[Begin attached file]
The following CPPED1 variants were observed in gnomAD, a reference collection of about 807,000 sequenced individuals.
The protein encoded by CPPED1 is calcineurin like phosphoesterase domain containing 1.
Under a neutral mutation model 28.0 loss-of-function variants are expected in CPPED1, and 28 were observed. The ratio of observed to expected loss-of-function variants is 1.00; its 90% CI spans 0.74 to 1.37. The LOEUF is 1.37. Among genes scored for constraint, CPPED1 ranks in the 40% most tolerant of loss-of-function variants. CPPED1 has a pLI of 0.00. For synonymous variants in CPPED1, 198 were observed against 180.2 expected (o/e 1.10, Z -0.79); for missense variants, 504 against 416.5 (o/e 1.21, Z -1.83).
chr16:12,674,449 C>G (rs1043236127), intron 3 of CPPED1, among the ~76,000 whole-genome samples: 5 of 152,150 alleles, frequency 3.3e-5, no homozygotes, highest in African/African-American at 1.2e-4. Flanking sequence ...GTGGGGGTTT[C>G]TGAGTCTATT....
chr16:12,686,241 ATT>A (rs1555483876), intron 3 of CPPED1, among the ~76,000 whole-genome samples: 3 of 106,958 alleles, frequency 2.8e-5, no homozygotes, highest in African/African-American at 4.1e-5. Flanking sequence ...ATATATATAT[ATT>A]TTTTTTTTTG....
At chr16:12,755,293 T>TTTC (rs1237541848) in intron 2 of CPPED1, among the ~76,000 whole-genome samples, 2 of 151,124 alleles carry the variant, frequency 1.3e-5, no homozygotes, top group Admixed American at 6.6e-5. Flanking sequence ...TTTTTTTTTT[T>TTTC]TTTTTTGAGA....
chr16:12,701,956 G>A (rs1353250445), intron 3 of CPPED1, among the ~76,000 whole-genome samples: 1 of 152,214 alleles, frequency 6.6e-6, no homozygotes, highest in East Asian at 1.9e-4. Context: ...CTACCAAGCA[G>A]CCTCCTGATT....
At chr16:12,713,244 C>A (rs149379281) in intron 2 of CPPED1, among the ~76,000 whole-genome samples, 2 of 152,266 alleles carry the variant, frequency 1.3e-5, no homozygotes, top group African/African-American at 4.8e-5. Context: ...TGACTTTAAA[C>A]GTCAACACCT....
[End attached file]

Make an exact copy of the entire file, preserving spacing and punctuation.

The following CPPED1 variants were observed in gnomAD, a reference collection of about 807,000 sequenced individuals.
The protein encoded by CPPED1 is calcineurin like phosphoesterase domain containing 1.
Under a neutral mutation model 28.0 loss-of-function variants are expected in CPPED1, and 28 were observed. The ratio of observed to expected loss-of-function variants is 1.00; its 90% CI spans 0.74 to 1.37. The LOEUF is 1.37. Among genes scored for constraint, CPPED1 ranks in the 40% most tolerant of loss-of-function variants. CPPED1 has a pLI of 0.00. For synonymous variants in CPPED1, 198 were observed against 180.2 expected (o/e 1.10, Z -0.79); for missense variants, 504 against 416.5 (o/e 1.21, Z -1.83).
chr16:12,674,449 C>G (rs1043236127), intron 3 of CPPED1, among the ~76,000 whole-genome samples: 5 of 152,150 alleles, frequency 3.3e-5, no homozygotes, highest in African/African-American at 1.2e-4. Flanking sequence ...GTGGGGGTTT[C>G]TGAGTCTATT....
chr16:12,686,241 ATT>A (rs1555483876), intron 3 of CPPED1, among the ~76,000 whole-genome samples: 3 of 106,958 alleles, frequency 2.8e-5, no homozygotes, highest in African/African-American at 4.1e-5. Flanking sequence ...ATATATATAT[ATT>A]TTTTTTTTTG....
At chr16:12,755,293 T>TTTC (rs1237541848) in intron 2 of CPPED1, among the ~76,000 whole-genome samples, 2 of 151,124 alleles carry the variant, frequency 1.3e-5, no homozygotes, top group Admixed American at 6.6e-5. Flanking sequence ...TTTTTTTTTT[T>TTTC]TTTTTTGAGA....
chr16:12,701,956 G>A (rs1353250445), intron 3 of CPPED1, among the ~76,000 whole-genome samples: 1 of 152,214 alleles, frequency 6.6e-6, no homozygotes, highest in East Asian at 1.9e-4. Context: ...CTACCAAGCA[G>A]CCTCCTGATT....
At chr16:12,713,244 C>A (rs149379281) in intron 2 of CPPED1, among the ~76,000 whole-genome samples, 2 of 152,266 alleles carry the variant, frequency 1.3e-5, no homozygotes, top group African/African-American at 4.8e-5. Context: ...TGACTTTAAA[C>A]GTCAACACCT....